Most of the sand mining contracts have gone to the outsiders in Kashmir this year through a bidding process done via online medium.
As per reports, it includes all contracts over 10 mineral blocks in the river Jhelum in Srinagar, 26 out of 38 mineral blocks in Baramulla, and seven out four in Budgam.
As far as South Kashmir goes, over 60% of mining contracts have also gone to the outsiders.
The bidding by the Geology and Mining Department happened while ongoing high-speed internet ban continues in J&K. There are many apprehensions regarding the consequences. One of them is as regards the affect on the livelihood of thousands of people in the region from contractors to sand diggers, labourers to transporters, who are directly or indirectly associated with the extraction of minerals. Many politicians, on both sides of the political spectrum in the Valley, voiced concerns through press statements.
Importantly, a traders body described the policy adopted with regard to allotment of mining and extraction contracts as “alarming and against public interest”.
According to it, the auction bid for 15 blocks in Pulwama has jumped from the previous Rs 2 crore to Rs 17.82 crore. There is no way that the local contractors can compete and thus are disadvantaged, thus believed the trader’s body.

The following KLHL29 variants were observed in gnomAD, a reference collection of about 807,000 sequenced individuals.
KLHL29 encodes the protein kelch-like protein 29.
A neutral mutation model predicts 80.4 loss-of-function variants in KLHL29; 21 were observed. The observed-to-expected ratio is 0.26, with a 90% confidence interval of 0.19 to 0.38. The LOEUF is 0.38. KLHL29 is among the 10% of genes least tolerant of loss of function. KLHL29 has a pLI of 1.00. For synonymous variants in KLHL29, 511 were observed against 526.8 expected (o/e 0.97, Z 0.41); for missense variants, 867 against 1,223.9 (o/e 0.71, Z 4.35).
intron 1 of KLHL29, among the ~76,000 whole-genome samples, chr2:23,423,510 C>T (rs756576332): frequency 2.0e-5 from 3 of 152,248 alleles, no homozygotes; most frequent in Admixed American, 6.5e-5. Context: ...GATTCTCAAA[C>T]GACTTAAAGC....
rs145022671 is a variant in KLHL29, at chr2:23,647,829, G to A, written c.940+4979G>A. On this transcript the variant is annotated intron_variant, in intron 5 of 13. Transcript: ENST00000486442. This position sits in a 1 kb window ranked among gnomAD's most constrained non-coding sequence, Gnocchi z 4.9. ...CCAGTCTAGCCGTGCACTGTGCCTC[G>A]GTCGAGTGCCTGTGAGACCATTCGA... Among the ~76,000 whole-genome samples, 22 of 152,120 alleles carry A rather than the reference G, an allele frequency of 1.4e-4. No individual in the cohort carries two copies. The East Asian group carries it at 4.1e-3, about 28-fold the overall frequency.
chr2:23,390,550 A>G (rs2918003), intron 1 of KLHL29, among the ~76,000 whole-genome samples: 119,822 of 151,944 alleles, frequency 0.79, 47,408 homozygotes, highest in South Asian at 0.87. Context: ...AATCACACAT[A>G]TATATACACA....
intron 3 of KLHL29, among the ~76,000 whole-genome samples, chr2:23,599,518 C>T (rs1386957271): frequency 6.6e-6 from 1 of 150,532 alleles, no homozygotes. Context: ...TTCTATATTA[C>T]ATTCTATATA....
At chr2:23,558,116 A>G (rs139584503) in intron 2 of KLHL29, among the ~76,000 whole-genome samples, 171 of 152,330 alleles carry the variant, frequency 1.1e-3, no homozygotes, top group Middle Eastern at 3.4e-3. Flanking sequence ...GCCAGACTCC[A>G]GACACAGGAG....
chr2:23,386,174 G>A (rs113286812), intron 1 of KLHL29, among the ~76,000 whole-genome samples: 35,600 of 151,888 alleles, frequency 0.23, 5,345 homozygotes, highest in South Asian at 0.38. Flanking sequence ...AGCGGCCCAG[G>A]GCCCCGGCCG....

There are not the concerns over the livelihood of the people alone but there reports that the Geology and Mining Department has done the bidding on the basis of particular stretch and a uniform depth of excavation in these stretches. It is surely going to have an adverse impact on a number of lift Irrigation and Water Supply Schemes on River Jhelum and rivulets which are subservient to a fixed bed level to operate. These levels can get disturbed through uncontrolled and unregulated extraction, thus can jeopardize these schemes. Also, it is important to keep in mind the rivers flow dynamics and sediment transportation which is a very complex process and the same shall be factored in these operations. Any bulk or unplanned extraction can prove disastrous as the same threaten embankments of the river. Even a slight rise in the water level could become catastrophic. The government must be alive and shall take all measures in preserving the water bodies, especially the Jhelum, the lifeline of Kashmir.